At the beginning of my PhD, I began to read the sound effect synthesis literature, and I quickly discovered that there was little to no standardisation or consistency in evaluation of sound effect synthesis models – particularly in relations to the sounds they produce. Surely one of the most important aspects of a synthetic system, is whether it can artifically produce a convincing replacement for what it is intended to synthesize. We could have the most intractable and relatable sound model in the world, but if it does not sound anything like it is intended to, then will any sound designers or end users ever use it?
There are many different methods for measuring how effective a sound synthesis model is. Jaffe proposed evaluating synthesis techniques for music based on ten criteria. However, only two of the ten criteria actually consider any sounds made by the synthesiser.
This is crazy! How can anyone know what synthesis method can produce a convincingly realistic sound?
So, we performed a formal evaluation study, where a range of different synthesis techniques where compared in a range of different situations. Some synthesis techniques are indistinguishable from a recorded sample, in a fixed medium environment. In short – Yes, we are there yet. There are sound synthesis methods that sound more realistic than high quality recorded samples. But there is clearly so much more work to be done…
Recently, at the Audio Mostly 2017 conference, my work with Rod Selfridge and Josh Reiss was published on Propellor Sound Synthesis. I was both published at the conference, on the conference organising committee, as a the webmaster and a member of the music team. More information is available here on the Intelligent Sound Engineering Blog, and an example of the propellor synthesis is available on youtube.
A taxonomy of sound effects is useful for a range of reasons. Sound designers often spend considerable time searching for sound effects. Classically, sound effects are arranged based on some key word tagging, and based on what caused the sound to be created – such as bacon cooking would have the name “BaconCook”, the tags “Bacon Cook, Sizzle, Open Pan, Food” and be placed in the category “cooking”. However, most sound designers know that the sound of frying bacon can sound very similar to the sound of rain (See this TED talk for more info), but rain is in an entirely different folder, in a different section of the SFx Library.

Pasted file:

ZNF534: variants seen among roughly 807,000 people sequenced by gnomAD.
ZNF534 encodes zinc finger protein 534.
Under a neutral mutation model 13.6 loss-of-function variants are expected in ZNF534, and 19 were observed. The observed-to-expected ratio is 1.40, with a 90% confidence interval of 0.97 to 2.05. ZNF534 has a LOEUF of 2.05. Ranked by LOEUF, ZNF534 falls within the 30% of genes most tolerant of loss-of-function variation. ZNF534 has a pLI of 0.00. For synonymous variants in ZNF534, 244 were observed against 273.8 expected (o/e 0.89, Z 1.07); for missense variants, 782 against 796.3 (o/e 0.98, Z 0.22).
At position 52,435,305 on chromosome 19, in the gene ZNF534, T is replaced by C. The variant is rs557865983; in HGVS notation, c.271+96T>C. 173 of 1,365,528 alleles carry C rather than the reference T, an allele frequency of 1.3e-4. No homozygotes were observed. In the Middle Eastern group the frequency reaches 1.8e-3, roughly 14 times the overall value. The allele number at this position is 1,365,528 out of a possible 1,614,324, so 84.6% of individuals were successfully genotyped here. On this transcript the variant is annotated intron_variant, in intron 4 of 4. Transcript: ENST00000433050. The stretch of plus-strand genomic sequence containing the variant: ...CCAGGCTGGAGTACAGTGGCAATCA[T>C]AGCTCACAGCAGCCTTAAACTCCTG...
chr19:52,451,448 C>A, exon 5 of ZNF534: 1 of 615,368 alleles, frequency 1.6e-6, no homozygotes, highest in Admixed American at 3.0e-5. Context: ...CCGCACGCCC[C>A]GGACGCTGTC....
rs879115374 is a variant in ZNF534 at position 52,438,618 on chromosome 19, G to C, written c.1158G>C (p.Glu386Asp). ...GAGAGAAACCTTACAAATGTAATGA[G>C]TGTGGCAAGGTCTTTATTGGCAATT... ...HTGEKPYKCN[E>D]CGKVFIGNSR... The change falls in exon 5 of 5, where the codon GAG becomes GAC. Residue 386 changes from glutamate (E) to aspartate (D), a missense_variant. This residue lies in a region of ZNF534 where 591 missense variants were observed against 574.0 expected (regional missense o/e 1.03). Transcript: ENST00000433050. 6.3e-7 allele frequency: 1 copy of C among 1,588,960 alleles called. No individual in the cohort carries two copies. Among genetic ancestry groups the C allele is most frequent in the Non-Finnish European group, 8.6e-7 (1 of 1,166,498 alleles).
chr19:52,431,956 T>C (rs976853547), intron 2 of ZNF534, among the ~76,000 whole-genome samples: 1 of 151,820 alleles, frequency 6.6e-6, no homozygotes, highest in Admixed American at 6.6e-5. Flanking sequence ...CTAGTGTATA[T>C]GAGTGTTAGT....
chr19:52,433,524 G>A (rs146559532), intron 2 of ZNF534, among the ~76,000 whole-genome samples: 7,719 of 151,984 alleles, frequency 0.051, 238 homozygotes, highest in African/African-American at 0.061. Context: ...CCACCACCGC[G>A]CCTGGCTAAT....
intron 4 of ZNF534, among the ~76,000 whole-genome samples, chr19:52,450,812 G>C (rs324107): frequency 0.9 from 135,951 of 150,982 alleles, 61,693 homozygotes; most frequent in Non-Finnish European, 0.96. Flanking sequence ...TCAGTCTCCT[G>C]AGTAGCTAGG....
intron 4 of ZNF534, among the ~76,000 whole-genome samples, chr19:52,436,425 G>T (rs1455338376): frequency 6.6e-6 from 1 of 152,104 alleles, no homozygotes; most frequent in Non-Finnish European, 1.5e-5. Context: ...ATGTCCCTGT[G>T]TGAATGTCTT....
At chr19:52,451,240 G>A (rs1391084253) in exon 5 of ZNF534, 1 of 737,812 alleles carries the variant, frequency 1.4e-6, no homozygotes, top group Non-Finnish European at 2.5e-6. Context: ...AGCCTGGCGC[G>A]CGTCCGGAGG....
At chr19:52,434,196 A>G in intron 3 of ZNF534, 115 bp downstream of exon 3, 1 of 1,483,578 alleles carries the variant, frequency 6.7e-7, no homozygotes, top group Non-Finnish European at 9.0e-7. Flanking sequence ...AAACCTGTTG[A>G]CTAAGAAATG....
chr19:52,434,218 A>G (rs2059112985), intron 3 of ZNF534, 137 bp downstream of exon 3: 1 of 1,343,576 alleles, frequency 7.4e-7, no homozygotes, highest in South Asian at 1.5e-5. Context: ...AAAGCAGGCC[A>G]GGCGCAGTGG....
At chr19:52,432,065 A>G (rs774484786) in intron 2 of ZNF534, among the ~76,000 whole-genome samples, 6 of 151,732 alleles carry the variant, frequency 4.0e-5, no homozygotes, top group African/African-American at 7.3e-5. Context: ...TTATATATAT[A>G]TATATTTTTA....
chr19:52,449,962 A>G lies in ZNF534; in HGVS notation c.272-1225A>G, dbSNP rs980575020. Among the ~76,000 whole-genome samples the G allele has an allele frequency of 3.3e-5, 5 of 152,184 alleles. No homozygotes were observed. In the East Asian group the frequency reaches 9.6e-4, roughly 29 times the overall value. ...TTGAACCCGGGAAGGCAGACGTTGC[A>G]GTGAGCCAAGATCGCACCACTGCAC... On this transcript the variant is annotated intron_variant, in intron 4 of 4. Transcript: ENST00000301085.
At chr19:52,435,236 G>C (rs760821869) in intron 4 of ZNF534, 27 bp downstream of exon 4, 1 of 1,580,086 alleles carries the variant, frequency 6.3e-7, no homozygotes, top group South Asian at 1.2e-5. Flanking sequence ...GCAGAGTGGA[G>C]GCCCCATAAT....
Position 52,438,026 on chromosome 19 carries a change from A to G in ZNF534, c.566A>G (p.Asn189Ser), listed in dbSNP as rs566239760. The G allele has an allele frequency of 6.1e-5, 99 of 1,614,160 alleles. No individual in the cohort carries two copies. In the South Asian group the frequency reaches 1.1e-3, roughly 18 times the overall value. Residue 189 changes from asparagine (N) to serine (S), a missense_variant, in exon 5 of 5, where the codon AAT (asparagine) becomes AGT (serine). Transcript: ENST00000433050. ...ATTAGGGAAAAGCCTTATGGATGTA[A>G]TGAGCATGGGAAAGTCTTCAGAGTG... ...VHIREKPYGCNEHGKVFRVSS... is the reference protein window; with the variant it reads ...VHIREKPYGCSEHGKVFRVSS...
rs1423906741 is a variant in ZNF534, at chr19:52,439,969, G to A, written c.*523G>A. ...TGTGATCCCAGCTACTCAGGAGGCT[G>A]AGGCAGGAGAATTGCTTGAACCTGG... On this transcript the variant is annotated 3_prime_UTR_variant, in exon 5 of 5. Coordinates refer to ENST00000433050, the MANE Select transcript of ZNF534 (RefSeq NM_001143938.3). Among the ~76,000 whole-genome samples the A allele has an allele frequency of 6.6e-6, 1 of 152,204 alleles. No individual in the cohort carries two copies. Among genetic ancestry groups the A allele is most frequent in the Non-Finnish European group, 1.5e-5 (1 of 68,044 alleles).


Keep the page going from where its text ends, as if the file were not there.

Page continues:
Our approach, is to analyse the raw content of the audio files in the sound effects library, and allow a computer to determine which sounds are similar, based on the actual sonic content of the sound sample. As such, the sounds of rain and frying bacon will be placed much closer together, allowing a sound designer to quickly and easily find related sounds that relate to each other.
Both Rod Selfridge and I are honoured to win the Best Paper Award, at the Sound and Music Computing Conference for our Paper on “Real-time Physical Model for Synthesis of Sword Swing Sound” – The paper is available here
For as long as digital audio has existed, there have been discussions as to sampling rate and bit depth. I have heard countless arguments between people of Analogue vs. Digital, 96kHz vs. 44.1kHz, 24 bit vs 16bit.
After numerous experiments and publications, discussions and tests on the subject, we seem to be getting towards the truth. In the June AES Journal, a new meta study on high resolution audio promises to identify what the biggest failing are in our experimental methods, how we can progress with research in this field and finally, what are the results of years of research in the field.
The 61th International Conference of the Audio Engineering Society on Audio for Games took place in London from 10 to 12 February. This is the fifth edition of the Audio for Games conference which features a mixture of invited talks and academic paper sessions. Traditionally a biennial event, by popular demand the conference was organised in 2016 again following a very successful 4th edition in 2015.
Christian Heinrichs presented work from his doctoral research with Andrew McPherson, discussing Digital Foley and introducing FoleyDesigner, which allows for effectively using human gestures to control sound effects models.
Day three of the Digital Audio Effects Conference (DAFx15) began with an excellent introduction and summary of Wave Digital filters and Digital Wave Guides by Kurt Werner and Julius O. Smith from CCRMA, in which the current state of the art in physical modelling no nonlinearities was presented and some potential avenues for future exploration was discussed. Following on from this work was discussed
Day two of DAFx conference in Trondheim NTNU opened with Marije Baalmans keynote on the range of hardware and software audio effects and synthesisers are available to artists, and how different artists utilise these effects. This talk was focused primarily on small embedded systems that artists use, such as Arduino, Beaglebone Black and Raspberry Pi. Later in the day, some excellent work including:
The DAFx conference began with a tutorial day, where Peter Svensson provided a fantastic summary of the State of the Art in sound field propagation modelling and virtual acoustics.
During lunch, as it was getting dark, the snow started, which unfortunately blocked our view on the Northern Lights that afternoon. Øyvind Brandtsegg & Trond Engum then discussed Cross adaptive digital audio effects and their creative use in live performance. He referenced existing work at Queen Mary as some of the state of the art in existing work, and then presented NUTU’s current work on Cross Adaptive Audio Effects. The workshop day was rounded off with Xavier Serra discussing the Audio Commons project and use of open audio content.